Thoreau meant well, when he warned us in “Walden,” “Beware of all enterprises that require new clothes.”
By Tom McDermott
Thoreau meant well, when he warned us in “Walden,” “Beware of all enterprises that require new clothes.” But then, he lived alone, at the edge of a pond, in the middle of you know where, and could have picked his peas and nurtured his lettuces naked, while only being noticed by some nosey birds and lonely squirrels.
I have established what I think is a far more useful saying at home: “Beware of all enterprises requiring old clothes.” This has served well over the years to dispel any lingering thoughts I might have about my abilities as a handyman, gardener, plumber, electrician, etc.
On occasion, someone else in my family momentarily forgets how I cut the main sprinkler line with a pitchfork, or failed several times, over the course of a year, to remove the front porch light -fixture cover to replace a bulb. But, they usually come to their senses before I can change into some vintage ensemble, composed of worn and torn gems, kept in large plastic containers in the cellar.
To err is human, to throw away cherished clothing is bad advice. But even a world-class hoarder must update the spring closet as one should add annual touches to a garden. At least I would, if I ever get a garden.
I offer this update advice to local gentlemen, of course, but also to their wives and daughters, who, let’s face it, often do the lifting when it comes to urging their beloved or dad to elevate sartorially.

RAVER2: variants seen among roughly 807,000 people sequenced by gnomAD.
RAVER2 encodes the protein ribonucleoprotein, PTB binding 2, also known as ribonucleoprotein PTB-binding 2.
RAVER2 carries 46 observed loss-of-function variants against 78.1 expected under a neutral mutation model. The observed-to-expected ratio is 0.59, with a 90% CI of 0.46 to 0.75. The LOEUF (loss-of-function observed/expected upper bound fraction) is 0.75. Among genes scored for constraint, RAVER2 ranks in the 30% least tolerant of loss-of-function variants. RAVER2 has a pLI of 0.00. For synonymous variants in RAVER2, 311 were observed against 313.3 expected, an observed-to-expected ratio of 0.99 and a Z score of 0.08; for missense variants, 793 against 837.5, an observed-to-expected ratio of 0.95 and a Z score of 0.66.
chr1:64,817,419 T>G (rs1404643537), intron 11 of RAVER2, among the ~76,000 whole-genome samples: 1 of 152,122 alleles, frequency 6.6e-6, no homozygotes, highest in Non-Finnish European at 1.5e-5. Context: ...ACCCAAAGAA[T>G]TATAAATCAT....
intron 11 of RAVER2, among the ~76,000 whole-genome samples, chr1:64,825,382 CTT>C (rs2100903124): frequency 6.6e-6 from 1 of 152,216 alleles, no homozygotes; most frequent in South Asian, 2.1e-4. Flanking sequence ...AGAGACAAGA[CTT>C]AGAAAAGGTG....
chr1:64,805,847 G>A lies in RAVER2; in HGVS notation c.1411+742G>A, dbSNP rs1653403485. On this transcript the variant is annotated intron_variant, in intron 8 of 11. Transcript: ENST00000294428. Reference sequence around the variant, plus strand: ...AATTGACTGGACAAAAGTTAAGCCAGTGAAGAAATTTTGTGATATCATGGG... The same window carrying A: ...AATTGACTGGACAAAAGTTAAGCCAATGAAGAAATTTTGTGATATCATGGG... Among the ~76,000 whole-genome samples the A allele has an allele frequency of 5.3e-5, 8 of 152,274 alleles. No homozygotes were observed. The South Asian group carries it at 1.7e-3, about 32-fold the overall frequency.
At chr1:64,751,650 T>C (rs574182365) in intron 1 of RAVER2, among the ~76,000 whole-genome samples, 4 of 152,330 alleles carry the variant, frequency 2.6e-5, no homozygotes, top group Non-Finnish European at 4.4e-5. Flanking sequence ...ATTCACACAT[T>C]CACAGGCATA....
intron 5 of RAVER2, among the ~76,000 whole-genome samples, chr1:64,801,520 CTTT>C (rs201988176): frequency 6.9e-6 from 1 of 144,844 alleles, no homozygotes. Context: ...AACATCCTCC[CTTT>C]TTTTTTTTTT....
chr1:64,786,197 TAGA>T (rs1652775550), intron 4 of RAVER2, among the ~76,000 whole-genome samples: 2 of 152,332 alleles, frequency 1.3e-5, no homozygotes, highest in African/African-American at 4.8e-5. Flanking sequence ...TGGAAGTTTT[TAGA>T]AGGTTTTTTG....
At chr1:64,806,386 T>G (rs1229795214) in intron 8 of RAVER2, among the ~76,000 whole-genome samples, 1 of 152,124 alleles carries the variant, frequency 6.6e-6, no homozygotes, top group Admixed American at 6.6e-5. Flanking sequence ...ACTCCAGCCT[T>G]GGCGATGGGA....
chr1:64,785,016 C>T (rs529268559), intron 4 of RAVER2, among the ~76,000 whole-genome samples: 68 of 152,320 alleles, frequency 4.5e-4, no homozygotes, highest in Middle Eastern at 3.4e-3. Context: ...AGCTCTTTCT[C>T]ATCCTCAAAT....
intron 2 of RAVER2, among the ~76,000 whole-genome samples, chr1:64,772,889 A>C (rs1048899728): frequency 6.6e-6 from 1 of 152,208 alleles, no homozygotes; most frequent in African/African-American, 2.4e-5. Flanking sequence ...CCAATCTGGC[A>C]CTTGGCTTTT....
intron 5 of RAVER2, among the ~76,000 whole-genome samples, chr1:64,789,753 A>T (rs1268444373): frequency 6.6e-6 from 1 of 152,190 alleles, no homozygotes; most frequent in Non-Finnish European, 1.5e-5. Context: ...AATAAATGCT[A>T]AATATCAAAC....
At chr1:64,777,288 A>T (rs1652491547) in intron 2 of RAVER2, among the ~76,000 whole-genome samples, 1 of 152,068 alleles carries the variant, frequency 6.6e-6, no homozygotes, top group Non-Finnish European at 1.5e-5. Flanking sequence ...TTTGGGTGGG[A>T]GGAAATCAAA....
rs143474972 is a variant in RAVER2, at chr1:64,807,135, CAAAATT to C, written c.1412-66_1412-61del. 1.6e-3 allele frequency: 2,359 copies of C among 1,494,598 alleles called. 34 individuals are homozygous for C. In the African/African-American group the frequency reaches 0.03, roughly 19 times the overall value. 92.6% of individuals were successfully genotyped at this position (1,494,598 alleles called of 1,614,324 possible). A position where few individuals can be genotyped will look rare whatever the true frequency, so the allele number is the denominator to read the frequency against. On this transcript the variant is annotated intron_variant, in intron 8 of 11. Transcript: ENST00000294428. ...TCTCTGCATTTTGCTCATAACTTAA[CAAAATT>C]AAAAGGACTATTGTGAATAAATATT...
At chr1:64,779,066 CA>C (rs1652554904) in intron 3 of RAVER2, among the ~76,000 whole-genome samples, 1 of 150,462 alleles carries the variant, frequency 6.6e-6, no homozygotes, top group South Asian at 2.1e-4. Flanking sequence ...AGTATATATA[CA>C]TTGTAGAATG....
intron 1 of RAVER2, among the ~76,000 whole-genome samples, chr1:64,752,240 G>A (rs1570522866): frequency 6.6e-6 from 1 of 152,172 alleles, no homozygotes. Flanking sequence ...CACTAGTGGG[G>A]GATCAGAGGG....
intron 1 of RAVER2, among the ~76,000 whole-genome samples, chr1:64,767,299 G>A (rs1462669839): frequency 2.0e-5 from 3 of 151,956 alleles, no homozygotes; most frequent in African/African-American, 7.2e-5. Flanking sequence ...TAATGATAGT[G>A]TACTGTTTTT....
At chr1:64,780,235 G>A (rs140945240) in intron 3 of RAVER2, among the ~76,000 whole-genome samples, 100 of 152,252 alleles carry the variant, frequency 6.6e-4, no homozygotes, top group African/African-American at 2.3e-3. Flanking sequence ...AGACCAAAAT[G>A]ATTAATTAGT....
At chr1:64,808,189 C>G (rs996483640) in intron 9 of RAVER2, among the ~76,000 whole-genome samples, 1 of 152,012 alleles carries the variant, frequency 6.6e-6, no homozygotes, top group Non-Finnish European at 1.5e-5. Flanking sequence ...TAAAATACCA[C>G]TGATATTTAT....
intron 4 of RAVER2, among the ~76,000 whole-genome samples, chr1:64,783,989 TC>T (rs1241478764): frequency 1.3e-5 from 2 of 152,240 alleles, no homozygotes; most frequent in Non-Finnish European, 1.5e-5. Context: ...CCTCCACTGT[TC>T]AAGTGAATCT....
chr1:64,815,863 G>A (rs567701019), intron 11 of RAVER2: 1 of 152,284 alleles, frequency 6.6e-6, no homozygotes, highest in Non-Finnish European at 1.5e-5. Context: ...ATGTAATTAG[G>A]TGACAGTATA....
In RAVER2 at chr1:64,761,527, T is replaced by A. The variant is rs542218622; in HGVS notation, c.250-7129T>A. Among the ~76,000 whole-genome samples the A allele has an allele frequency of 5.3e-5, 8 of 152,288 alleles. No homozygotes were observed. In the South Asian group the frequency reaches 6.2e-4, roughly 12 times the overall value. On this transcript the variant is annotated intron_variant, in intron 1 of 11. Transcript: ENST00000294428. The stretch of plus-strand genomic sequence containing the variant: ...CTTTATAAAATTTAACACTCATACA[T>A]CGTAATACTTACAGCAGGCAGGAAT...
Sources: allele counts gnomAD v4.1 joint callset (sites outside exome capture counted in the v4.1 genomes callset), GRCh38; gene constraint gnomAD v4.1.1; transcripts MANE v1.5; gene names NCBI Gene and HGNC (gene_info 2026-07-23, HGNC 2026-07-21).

Vineyard Vines Slim-Fit Poplin Pants
Honest, these are not so slim that a moderately fit person, this reporter for instance, can’t comfortably wear them. Off the shelf, they fit nearly perfectly, so good, in fact, that I returned to get another, despite the dubious look from the teenage salesman, who pointed me to the more generous “Club Pant.” As if.
When you find clothing you like that fits well and is affordable, always buy two, because every store will change styles and leave you out in the cold. Neutral colors like khaki and stone are great for business casual (but not on the isle called Manhattan). The narrow cut through the leg and at the cuff will add a little bit of “now” to your closet.
J.Crew Vintage Oxford Gingham Shirts
Some people might think that I only own a couple of shirts (Hah!), or seldom launder the ones I do have, since I wear checked or gingham shirts nearly every day. The truth is, I just got got hooked on this style a few years ago.
When something becomes so ubiquitous in your wardrobe or in fashion generally, it could mean that it will soon be going out of fashion. Frankly, I don’t give a cuff.
I’ve campaigned against J.Crew in the past about being the main offender in the march from slim to slimmer to ultra-slimmest. Even model-thin guys from Brooklyn and lower Manhattan who compulsively shop might begin to drop from wearing shirts and pants that cut off all circulation.
Meanwhile, “regular fit” guys have been struggling, trying to wear traditional Brooks Brothers style shirts with jeans or more narrowly-cut suits, along with boxers. There is simply not enough room for all that flag-like cotton no matter how hard we try.
These J.Crew shirts are not part of their pervasive “slim” line. Like Baby Bear’s bed, they’re just right. I recommend the Dark Pacific Blue, which is not really dark, but does look like the Pacific.
And yes, if they fit, get two!